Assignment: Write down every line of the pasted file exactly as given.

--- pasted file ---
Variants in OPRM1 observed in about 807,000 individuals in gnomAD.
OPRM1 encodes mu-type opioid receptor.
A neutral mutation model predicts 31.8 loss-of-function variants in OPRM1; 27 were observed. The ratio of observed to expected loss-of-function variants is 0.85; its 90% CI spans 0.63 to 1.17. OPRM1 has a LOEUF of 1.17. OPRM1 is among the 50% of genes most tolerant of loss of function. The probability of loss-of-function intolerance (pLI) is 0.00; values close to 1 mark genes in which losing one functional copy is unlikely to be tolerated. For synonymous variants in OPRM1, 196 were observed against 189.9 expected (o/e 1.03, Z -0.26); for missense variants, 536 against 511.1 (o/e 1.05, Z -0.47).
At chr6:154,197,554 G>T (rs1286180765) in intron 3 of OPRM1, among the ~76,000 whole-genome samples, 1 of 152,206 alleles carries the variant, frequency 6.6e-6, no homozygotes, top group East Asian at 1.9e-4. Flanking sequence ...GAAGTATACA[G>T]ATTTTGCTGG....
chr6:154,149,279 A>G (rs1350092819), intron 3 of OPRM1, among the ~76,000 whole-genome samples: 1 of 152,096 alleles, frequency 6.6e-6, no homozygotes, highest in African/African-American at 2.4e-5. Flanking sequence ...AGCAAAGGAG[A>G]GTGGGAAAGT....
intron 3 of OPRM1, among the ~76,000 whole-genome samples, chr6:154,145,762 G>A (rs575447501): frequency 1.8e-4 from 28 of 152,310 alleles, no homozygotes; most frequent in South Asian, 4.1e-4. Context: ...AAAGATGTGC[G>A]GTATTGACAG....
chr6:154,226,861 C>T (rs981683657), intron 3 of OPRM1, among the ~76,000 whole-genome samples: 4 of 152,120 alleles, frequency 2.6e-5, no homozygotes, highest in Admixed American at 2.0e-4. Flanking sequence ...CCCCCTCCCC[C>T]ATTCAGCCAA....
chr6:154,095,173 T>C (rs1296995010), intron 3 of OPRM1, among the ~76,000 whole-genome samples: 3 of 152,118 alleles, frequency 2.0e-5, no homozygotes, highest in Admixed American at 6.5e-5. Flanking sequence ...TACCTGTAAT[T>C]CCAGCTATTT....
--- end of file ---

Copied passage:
Variants in OPRM1 observed in about 807,000 individuals in gnomAD.
OPRM1 encodes mu-type opioid receptor.
A neutral mutation model predicts 31.8 loss-of-function variants in OPRM1; 27 were observed. The ratio of observed to expected loss-of-function variants is 0.85; its 90% CI spans 0.63 to 1.17. OPRM1 has a LOEUF of 1.17. OPRM1 is among the 50% of genes most tolerant of loss of function. The probability of loss-of-function intolerance (pLI) is 0.00; values close to 1 mark genes in which losing one functional copy is unlikely to be tolerated. For synonymous variants in OPRM1, 196 were observed against 189.9 expected (o/e 1.03, Z -0.26); for missense variants, 536 against 511.1 (o/e 1.05, Z -0.47).
At chr6:154,197,554 G>T (rs1286180765) in intron 3 of OPRM1, among the ~76,000 whole-genome samples, 1 of 152,206 alleles carries the variant, frequency 6.6e-6, no homozygotes, top group East Asian at 1.9e-4. Flanking sequence ...GAAGTATACA[G>T]ATTTTGCTGG....
chr6:154,149,279 A>G (rs1350092819), intron 3 of OPRM1, among the ~76,000 whole-genome samples: 1 of 152,096 alleles, frequency 6.6e-6, no homozygotes, highest in African/African-American at 2.4e-5. Flanking sequence ...AGCAAAGGAG[A>G]GTGGGAAAGT....
intron 3 of OPRM1, among the ~76,000 whole-genome samples, chr6:154,145,762 G>A (rs575447501): frequency 1.8e-4 from 28 of 152,310 alleles, no homozygotes; most frequent in South Asian, 4.1e-4. Context: ...AAAGATGTGC[G>A]GTATTGACAG....
chr6:154,226,861 C>T (rs981683657), intron 3 of OPRM1, among the ~76,000 whole-genome samples: 4 of 152,120 alleles, frequency 2.6e-5, no homozygotes, highest in Admixed American at 2.0e-4. Flanking sequence ...CCCCCTCCCC[C>T]ATTCAGCCAA....
chr6:154,095,173 T>C (rs1296995010), intron 3 of OPRM1, among the ~76,000 whole-genome samples: 3 of 152,118 alleles, frequency 2.0e-5, no homozygotes, highest in Admixed American at 6.5e-5. Flanking sequence ...TACCTGTAAT[T>C]CCAGCTATTT....